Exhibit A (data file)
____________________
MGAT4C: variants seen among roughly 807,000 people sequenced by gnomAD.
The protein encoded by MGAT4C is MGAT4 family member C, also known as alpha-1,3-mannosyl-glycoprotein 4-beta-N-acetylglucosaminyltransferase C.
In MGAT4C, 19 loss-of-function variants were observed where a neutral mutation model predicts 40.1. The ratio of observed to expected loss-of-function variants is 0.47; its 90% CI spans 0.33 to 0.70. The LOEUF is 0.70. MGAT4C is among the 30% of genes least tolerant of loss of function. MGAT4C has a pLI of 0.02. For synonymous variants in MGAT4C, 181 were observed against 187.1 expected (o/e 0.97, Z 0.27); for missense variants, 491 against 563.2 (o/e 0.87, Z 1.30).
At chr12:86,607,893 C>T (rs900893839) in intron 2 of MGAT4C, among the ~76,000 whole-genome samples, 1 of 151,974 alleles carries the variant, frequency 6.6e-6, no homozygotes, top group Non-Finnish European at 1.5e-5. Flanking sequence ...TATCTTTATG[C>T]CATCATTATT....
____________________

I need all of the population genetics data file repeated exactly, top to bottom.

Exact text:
MGAT4C: variants seen among roughly 807,000 people sequenced by gnomAD.
The protein encoded by MGAT4C is MGAT4 family member C, also known as alpha-1,3-mannosyl-glycoprotein 4-beta-N-acetylglucosaminyltransferase C.
In MGAT4C, 19 loss-of-function variants were observed where a neutral mutation model predicts 40.1. The ratio of observed to expected loss-of-function variants is 0.47; its 90% CI spans 0.33 to 0.70. The LOEUF is 0.70. MGAT4C is among the 30% of genes least tolerant of loss of function. MGAT4C has a pLI of 0.02. For synonymous variants in MGAT4C, 181 were observed against 187.1 expected (o/e 0.97, Z 0.27); for missense variants, 491 against 563.2 (o/e 0.87, Z 1.30).
At chr12:86,607,893 C>T (rs900893839) in intron 2 of MGAT4C, among the ~76,000 whole-genome samples, 1 of 151,974 alleles carries the variant, frequency 6.6e-6, no homozygotes, top group Non-Finnish European at 1.5e-5. Flanking sequence ...TATCTTTATG[C>T]CATCATTATT....